The number of different driveway materials that you can choose from is huge. Driveway Expert leads you through a host of relevant questions that will help you to pick the best driveway for your situation.
1. Are your neighbours’ driveways all paved in the same material?
If you live on an estate where the houses share a similar look, then replacing or installing a driveway in a completely different material could make your house, not to mention those of your immediate neighbours, less saleable. People won’t be happy.
2. Is there a significant gradient to your driveway?
Driveways constructed from solid materials like concrete aren’t easy to lay on a gradient. Tarmac is significantly better and Gravel is a waste of time. For a DIY job, small to medium blocks would be the best option.
3. Will you be staying at the house for a long time?
If you want to spruce up your driveway in order to sell your home, gravel is the quick, easy and cheap option. It needs frequent topping up and attention to prevent weeds taking over, but in the short term it’s perfect.
4. Are you in a conservation area?
It’s imperative to make sure that you are aware of any planning restrictions on your home or your area. If you install a driveway using the wrong material, the planning office can force you to replace it at your cost. They won’t listen to any pleas of ignorance – it’s your responsibility to find out. (For more information, read our article Planning Permission for Driveways on this site.)
5. Is your area prone to flooding?
The governments of the UK are now paying more attention to the detrimental effect of driveways, particularly in front gardens, on flooding. Look at permeable materials for your driveway, which are usually cellular structures. The honeycomb structure supports the weight of the vehicle but water can escape through the holes, which can be filled with all sorts of material, even soil.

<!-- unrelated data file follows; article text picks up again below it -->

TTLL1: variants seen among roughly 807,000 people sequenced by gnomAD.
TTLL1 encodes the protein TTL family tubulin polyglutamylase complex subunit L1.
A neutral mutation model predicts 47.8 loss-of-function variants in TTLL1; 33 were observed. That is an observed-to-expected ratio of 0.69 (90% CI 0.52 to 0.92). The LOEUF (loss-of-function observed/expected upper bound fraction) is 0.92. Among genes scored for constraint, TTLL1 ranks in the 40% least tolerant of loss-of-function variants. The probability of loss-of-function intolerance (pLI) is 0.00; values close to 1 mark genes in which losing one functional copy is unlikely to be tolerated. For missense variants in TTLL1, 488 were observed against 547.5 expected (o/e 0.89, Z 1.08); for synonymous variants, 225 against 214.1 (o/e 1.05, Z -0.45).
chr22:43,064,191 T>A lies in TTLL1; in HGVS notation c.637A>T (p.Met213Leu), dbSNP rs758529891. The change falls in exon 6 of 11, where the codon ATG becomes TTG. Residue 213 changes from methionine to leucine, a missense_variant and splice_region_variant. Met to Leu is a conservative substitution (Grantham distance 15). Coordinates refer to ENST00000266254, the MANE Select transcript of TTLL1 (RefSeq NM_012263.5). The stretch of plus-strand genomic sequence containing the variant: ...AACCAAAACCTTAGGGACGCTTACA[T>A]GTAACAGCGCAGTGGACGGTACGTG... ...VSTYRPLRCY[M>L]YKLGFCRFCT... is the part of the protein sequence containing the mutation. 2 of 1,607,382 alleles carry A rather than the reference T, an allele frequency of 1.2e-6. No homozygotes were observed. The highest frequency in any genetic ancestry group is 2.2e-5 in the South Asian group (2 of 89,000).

6. Is it important to have a non-slip surface?
If you are unsteady on your feet or have frequent visitors who are, you might want to avoid stone or stone-like block surfaces which can be slippery when wet. Concrete or clay bricks or blocks are better in this respect. You can also go for loose materials such as gravel and bark ,but they aren’t so easy to navigate with wheelchairs.
7. Is it important to use natural materials?
More and more concrete is being used in driveway construction, not just poured concrete but flags and blocks, too. For a solid surface, look for natural stone in flags or cobbles or clay blocks, or if you prefer a loose surface, choose from slate, gravel or bark.
8. How important is cost?
If you are after the cheapest solution, concrete is one of best choices for a domestic driveway, particularly if you do most of the work yourself. Tarmac is the cheapest on a large scale, but in a domestic situation it’s not that practical. Alternatively, you could look at concrete blocks or perhaps gravel.
9. Are you building a new driveway?
If you are replacing an existing driveway, the easiest option is to replace like with like. But if you are putting in a new driveway, remember that the groundwork and foundations are likely to take time and therefore money. Bearing that in mind, skimping on the top surface is probably a false economy, so choose the surface you like the most.
10. Do you wish to protect the environment?
With the current focus on green issues, products like concrete and tarmac are under fire for the ecological damage done during their manufacture. When laid they can also cause drainage problems and contribute to the warming up of urban areas. Choose natural materials, either loose, such as bark, slate chippings or gravel, or recycled aggregates made from brick, glass or other materials for the greenest option.